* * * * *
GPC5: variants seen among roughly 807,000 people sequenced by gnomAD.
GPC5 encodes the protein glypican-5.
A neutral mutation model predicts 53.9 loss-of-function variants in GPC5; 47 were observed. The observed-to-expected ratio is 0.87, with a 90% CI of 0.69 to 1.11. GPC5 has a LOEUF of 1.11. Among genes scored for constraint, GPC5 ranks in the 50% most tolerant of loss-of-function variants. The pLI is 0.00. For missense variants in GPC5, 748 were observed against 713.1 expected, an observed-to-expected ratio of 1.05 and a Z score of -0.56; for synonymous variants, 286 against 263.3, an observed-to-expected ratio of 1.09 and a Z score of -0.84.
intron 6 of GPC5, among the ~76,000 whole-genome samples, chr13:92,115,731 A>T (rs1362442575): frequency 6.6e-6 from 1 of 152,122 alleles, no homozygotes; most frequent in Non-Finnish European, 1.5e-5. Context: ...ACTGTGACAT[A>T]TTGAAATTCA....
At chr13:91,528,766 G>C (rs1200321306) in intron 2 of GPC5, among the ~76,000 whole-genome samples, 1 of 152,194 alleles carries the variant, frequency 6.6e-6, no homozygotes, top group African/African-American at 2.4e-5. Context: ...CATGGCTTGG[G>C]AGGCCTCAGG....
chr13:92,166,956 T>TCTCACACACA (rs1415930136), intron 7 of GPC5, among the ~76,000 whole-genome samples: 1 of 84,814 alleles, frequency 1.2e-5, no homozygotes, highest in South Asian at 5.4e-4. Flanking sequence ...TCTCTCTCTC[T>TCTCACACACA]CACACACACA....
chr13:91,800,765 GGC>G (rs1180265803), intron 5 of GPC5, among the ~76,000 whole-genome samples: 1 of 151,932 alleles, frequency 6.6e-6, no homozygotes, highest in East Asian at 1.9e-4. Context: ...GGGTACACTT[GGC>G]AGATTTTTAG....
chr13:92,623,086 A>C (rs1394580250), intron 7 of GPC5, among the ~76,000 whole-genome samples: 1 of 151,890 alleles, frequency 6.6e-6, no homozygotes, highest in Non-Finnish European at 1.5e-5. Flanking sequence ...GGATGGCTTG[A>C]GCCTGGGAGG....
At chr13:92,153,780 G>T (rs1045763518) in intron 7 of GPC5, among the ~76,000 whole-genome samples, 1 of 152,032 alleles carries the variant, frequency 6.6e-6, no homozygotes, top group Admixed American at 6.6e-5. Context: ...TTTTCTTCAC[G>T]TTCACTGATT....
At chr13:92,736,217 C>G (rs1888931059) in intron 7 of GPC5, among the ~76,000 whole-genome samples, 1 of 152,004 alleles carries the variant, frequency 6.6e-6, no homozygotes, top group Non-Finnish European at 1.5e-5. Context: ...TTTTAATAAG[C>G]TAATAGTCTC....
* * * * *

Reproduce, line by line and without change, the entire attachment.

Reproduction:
GPC5: variants seen among roughly 807,000 people sequenced by gnomAD.
GPC5 encodes the protein glypican-5.
A neutral mutation model predicts 53.9 loss-of-function variants in GPC5; 47 were observed. The observed-to-expected ratio is 0.87, with a 90% CI of 0.69 to 1.11. GPC5 has a LOEUF of 1.11. Among genes scored for constraint, GPC5 ranks in the 50% most tolerant of loss-of-function variants. The pLI is 0.00. For missense variants in GPC5, 748 were observed against 713.1 expected, an observed-to-expected ratio of 1.05 and a Z score of -0.56; for synonymous variants, 286 against 263.3, an observed-to-expected ratio of 1.09 and a Z score of -0.84.
intron 6 of GPC5, among the ~76,000 whole-genome samples, chr13:92,115,731 A>T (rs1362442575): frequency 6.6e-6 from 1 of 152,122 alleles, no homozygotes; most frequent in Non-Finnish European, 1.5e-5. Context: ...ACTGTGACAT[A>T]TTGAAATTCA....
At chr13:91,528,766 G>C (rs1200321306) in intron 2 of GPC5, among the ~76,000 whole-genome samples, 1 of 152,194 alleles carries the variant, frequency 6.6e-6, no homozygotes, top group African/African-American at 2.4e-5. Context: ...CATGGCTTGG[G>C]AGGCCTCAGG....
chr13:92,166,956 T>TCTCACACACA (rs1415930136), intron 7 of GPC5, among the ~76,000 whole-genome samples: 1 of 84,814 alleles, frequency 1.2e-5, no homozygotes, highest in South Asian at 5.4e-4. Flanking sequence ...TCTCTCTCTC[T>TCTCACACACA]CACACACACA....
chr13:91,800,765 GGC>G (rs1180265803), intron 5 of GPC5, among the ~76,000 whole-genome samples: 1 of 151,932 alleles, frequency 6.6e-6, no homozygotes, highest in East Asian at 1.9e-4. Context: ...GGGTACACTT[GGC>G]AGATTTTTAG....
chr13:92,623,086 A>C (rs1394580250), intron 7 of GPC5, among the ~76,000 whole-genome samples: 1 of 151,890 alleles, frequency 6.6e-6, no homozygotes, highest in Non-Finnish European at 1.5e-5. Flanking sequence ...GGATGGCTTG[A>C]GCCTGGGAGG....
At chr13:92,153,780 G>T (rs1045763518) in intron 7 of GPC5, among the ~76,000 whole-genome samples, 1 of 152,032 alleles carries the variant, frequency 6.6e-6, no homozygotes, top group Admixed American at 6.6e-5. Context: ...TTTTCTTCAC[G>T]TTCACTGATT....
At chr13:92,736,217 C>G (rs1888931059) in intron 7 of GPC5, among the ~76,000 whole-genome samples, 1 of 152,004 alleles carries the variant, frequency 6.6e-6, no homozygotes, top group Non-Finnish European at 1.5e-5. Context: ...TTTTAATAAG[C>G]TAATAGTCTC....